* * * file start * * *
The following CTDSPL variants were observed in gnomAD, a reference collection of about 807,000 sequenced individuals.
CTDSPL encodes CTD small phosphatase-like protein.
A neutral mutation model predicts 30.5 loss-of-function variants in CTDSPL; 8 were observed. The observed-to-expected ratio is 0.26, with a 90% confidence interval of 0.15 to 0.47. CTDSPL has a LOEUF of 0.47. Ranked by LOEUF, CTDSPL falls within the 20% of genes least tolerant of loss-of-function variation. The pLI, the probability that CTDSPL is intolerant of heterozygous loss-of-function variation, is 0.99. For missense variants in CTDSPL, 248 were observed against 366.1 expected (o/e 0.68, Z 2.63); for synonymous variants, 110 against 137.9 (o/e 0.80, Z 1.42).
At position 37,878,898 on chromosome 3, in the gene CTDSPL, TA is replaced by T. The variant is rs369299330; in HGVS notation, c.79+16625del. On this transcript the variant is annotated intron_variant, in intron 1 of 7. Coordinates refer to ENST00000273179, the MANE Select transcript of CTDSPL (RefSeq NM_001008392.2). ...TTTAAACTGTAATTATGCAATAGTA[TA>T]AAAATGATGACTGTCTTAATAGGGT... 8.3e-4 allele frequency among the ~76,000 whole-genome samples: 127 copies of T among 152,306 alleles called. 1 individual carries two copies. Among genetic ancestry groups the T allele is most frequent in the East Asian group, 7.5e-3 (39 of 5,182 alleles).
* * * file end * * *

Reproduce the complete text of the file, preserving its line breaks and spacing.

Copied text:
The following CTDSPL variants were observed in gnomAD, a reference collection of about 807,000 sequenced individuals.
CTDSPL encodes CTD small phosphatase-like protein.
A neutral mutation model predicts 30.5 loss-of-function variants in CTDSPL; 8 were observed. The observed-to-expected ratio is 0.26, with a 90% confidence interval of 0.15 to 0.47. CTDSPL has a LOEUF of 0.47. Ranked by LOEUF, CTDSPL falls within the 20% of genes least tolerant of loss-of-function variation. The pLI, the probability that CTDSPL is intolerant of heterozygous loss-of-function variation, is 0.99. For missense variants in CTDSPL, 248 were observed against 366.1 expected (o/e 0.68, Z 2.63); for synonymous variants, 110 against 137.9 (o/e 0.80, Z 1.42).
At position 37,878,898 on chromosome 3, in the gene CTDSPL, TA is replaced by T. The variant is rs369299330; in HGVS notation, c.79+16625del. On this transcript the variant is annotated intron_variant, in intron 1 of 7. Coordinates refer to ENST00000273179, the MANE Select transcript of CTDSPL (RefSeq NM_001008392.2). ...TTTAAACTGTAATTATGCAATAGTA[TA>T]AAAATGATGACTGTCTTAATAGGGT... 8.3e-4 allele frequency among the ~76,000 whole-genome samples: 127 copies of T among 152,306 alleles called. 1 individual carries two copies. Among genetic ancestry groups the T allele is most frequent in the East Asian group, 7.5e-3 (39 of 5,182 alleles).